Since the NW formation observed in this study is attributed to electromigration accelerated by mechanical stress, it is important to consider the theoretical background of both the mechanical and electromigration effects. During electromigration, in which atoms (ions) migrate owing to electron wind forces and electric fields, the migration rate of atoms depends on the bonding nature of each atom positioned at various states. Hence, atoms at surfaces, defects and deformation regions migrate easily compared with atoms in the defect-free bulk. In this study, stress concentration occurred at the contact regions of nanotips, leading to elastic and plastic deformation. In elastic deformation regions, crystal lattices were distorted and atomic bonding was weakened. In plastic deformation regions, in addition to elastic effects, atomic bonding at slip planes was once separated during slip events. Furthermore, lattice defects such as vacancies and dislocations and grain boundaries were introduced by slips and atomic bonding at such defects also weakened. Consequently, we inferred that electromigration in the contact regions of nanotips, i.e., the growing regions of NWs, was accelerated by mechanical stress. In particular, when tensile forces acting on the contact region (Fig. 1b–f), the tensile direction was the same as the electromigration direction, resulting in significant acceleration of electromigration. On the other hand, when the NW was shortened by compression (Fig. 1g,h), the direction of atomic movement in the intruded region was opposite of electromigration. Consequently, the acceleration of electromigration at the compression was smaller than that of the tensile condition. Therefore, electromigration feature became different according to the force conditions.

As described above, the acceleration of electromigration by mechanical stress can be qualitatively explained. However, a theoretical quantitative description of atomic motion seems to be difficult. This is because it is difficult to calculate the motions of over 104 atoms that are caused by electron wind forces in fluctuating potentials under mechanical deformation. Therefore, such a theoretical evaluation would extend the current work and will be pursued in the next step of the present experiment. In fact, theoretical work for electromigration was performed in systems smaller than metallic nanocontacts, i.e., in gold single-atom-width wires26. The work reports a relationship between acting force and bias voltage; current induces embrittlement of the atomic wires and the tension at fracture decreases with bias voltage. Studies on mechanical behavior of metallic nanocontacts have focused only on elastic and plastic deformations such as slip21,22,23,24.

In stress-free or stressless nanocontacts, as shown in Fig. S1, electromigration occurred preferentially at surfaces because the critical voltages for surfaces were lower than those for the bulk27,28. However, as shown in Fig. 1, high-diffusivity buffer regions formed in stress-concentrated contact regions and atomic motion was activated over the entire buffer regions. Thus, lattice diffusion, in addition to surface diffusion, was enhanced.

The present method can be applied to conductive species, i.e., metals and semiconductors. The key in this method is control of the activation of atomic diffusion. Control becomes difficult for high-melting-point or tough materials, although atomic diffusion of nanocontacts of such materials is activated by pulsed currents29. It is plausible that the formation and bonding of longer NWs is easier for metals that have relatively lower melting temperatures.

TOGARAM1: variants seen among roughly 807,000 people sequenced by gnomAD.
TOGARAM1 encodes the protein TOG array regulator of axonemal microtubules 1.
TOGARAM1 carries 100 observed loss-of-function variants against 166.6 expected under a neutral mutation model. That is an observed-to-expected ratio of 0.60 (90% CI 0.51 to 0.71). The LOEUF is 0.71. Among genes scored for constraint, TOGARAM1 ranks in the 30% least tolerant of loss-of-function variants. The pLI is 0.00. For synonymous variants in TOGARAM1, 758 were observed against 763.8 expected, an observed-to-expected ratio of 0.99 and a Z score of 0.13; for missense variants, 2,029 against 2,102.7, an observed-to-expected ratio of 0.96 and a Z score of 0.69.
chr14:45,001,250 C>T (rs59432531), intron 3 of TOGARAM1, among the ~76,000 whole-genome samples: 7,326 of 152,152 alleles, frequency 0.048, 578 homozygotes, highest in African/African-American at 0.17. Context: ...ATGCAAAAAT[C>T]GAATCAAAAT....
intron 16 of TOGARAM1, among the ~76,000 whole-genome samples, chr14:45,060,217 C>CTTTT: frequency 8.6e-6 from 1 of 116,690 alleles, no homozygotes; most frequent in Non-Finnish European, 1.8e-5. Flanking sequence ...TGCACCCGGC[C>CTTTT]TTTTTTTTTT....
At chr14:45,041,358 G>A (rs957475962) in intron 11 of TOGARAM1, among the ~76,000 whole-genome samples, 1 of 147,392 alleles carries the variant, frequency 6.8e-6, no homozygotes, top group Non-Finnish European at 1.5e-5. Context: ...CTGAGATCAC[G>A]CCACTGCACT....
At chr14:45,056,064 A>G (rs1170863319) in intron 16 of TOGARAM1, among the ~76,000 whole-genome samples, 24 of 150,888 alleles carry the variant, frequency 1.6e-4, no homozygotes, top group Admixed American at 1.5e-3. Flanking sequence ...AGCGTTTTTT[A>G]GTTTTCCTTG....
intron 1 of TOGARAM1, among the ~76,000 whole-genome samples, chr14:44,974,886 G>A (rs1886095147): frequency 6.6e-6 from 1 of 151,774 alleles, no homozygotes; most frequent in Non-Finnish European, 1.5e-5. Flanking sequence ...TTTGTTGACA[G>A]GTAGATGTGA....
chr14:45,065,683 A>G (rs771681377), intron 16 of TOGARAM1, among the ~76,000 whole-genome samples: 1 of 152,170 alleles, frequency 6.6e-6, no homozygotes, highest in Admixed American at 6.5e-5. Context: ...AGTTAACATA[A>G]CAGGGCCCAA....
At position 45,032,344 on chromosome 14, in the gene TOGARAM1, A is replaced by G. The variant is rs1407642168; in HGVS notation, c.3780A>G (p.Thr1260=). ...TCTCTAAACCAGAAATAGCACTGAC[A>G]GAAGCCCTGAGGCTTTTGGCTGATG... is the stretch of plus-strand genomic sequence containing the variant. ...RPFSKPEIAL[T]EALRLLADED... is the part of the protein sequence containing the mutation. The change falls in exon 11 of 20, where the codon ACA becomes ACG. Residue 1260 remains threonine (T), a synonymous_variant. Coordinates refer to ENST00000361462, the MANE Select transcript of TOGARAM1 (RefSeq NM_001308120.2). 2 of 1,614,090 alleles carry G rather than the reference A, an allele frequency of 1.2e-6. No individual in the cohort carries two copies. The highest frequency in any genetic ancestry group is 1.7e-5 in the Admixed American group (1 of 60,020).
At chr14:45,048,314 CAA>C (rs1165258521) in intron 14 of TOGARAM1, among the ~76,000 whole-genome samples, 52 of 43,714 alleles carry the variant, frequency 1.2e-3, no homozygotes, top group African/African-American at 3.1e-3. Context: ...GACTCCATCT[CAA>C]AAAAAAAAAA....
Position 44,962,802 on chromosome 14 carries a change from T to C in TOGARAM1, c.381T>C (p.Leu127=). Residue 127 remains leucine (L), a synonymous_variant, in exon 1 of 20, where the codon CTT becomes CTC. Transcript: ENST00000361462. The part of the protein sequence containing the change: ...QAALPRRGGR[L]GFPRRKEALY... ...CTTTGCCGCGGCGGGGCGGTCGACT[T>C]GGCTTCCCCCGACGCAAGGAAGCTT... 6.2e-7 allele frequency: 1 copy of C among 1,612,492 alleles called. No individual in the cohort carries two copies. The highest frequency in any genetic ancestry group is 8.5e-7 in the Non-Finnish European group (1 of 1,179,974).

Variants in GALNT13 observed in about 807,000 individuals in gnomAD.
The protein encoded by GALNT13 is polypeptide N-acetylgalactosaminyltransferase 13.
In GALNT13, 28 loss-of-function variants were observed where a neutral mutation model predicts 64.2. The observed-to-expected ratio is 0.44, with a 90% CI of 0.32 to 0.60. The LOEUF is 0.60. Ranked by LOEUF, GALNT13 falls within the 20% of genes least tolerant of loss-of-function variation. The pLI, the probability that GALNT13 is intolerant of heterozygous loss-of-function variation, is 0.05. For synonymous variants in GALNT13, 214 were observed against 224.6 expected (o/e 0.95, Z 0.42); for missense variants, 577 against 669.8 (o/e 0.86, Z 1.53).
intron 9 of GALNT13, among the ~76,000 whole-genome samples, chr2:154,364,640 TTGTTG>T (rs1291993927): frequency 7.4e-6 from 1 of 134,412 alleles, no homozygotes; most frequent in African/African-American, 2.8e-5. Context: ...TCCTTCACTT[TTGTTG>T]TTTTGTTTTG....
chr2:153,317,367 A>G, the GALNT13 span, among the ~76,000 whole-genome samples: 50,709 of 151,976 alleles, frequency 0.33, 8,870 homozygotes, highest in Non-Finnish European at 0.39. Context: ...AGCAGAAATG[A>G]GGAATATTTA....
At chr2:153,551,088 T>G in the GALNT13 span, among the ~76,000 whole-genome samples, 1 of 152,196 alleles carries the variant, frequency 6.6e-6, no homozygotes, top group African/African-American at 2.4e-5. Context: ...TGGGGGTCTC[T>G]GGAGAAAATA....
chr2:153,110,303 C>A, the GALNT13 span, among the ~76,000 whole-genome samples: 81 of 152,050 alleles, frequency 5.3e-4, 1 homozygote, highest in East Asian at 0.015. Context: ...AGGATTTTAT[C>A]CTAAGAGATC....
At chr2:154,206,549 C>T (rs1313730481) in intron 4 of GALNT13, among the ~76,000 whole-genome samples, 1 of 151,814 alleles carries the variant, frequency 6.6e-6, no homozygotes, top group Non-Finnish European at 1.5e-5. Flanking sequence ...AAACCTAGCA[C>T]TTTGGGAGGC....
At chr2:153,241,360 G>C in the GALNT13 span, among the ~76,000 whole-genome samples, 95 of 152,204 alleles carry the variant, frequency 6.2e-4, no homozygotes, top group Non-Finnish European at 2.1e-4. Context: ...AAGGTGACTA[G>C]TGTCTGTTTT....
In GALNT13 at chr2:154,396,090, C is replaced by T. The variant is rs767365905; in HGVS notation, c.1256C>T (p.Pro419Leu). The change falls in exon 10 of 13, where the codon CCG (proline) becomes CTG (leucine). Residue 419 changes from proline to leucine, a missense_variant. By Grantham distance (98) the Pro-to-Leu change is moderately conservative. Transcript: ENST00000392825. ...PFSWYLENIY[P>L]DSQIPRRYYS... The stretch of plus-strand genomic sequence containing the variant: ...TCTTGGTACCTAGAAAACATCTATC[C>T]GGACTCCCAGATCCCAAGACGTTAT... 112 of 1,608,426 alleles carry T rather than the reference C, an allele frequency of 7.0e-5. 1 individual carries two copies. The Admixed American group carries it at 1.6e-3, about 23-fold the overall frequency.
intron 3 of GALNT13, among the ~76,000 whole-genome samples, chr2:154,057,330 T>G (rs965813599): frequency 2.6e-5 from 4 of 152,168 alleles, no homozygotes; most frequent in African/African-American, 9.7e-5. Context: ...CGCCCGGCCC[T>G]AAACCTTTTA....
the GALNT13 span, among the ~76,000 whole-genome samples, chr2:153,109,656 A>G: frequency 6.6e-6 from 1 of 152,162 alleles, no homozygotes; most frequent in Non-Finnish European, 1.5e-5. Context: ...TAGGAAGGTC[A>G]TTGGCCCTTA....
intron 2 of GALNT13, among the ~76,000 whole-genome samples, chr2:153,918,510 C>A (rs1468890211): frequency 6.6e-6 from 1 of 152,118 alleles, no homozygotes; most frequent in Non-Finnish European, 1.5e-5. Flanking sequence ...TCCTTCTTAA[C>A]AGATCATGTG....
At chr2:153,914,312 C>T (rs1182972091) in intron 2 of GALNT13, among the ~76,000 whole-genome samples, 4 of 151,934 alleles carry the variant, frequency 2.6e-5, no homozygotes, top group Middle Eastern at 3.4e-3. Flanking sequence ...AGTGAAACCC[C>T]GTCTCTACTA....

In summary, the present method can be used for bonding of the finest wires with widths of less than 6 nm, which is much smaller than wire widths prepared by previous methods. In addition, the present method is based on mechanical operation of a nanotip without radiation heating and wire width can be controlled by applying a voltage and controlling the manipulation speed of the nanotip. In addition, this process for wire bonding is repeatable without reformation of the nanotip. Thus, controlling the wire bonding is easier than that in previous methods. The NWs fabricated in this study showed single-crystal structures, several nanometer widths, lengths exceeding 200 nm and a breakdown current density at 8 TA/m2. These features are suitable for wire bonding in nanoelectronic applications.


To study fabrication and writing of NWs, we used in situ high-resolution TEM combined with piezomanipulation of specimens and conductance measurements30,31. To prepare the nanocontacts, we used piezomanipulation while applying voltages of up to 200 mV to contact a Zn nanotip with an opposing edge surface of a Zn plate having a thickness of 10–20 nm. After realizing the nanocontact, we manipulated the nanotip to elongate the nanocontact to form the NW. We performed a series of these manipulations at ambient temperature in a vacuum of 10−5 Pa inside the microscope at the University of Tsukuba. We observed structural dynamics of the procedure in situ by lattice imaging using a video capture system with a time resolution of 67 ms. Observations were performed using an acceleration voltage of 200 kV. We measured the current through the NWs by a two-terminal method. We analyzed TEM images and current for every image frame.

Additional Information

How to cite this article: Kizuka, T. and Ashida, S. Free-Space Nanometer Wiring via Nanotip Manipulation. Sci. Rep. 5, 13529; doi: 10.1038/srep13529 (2015).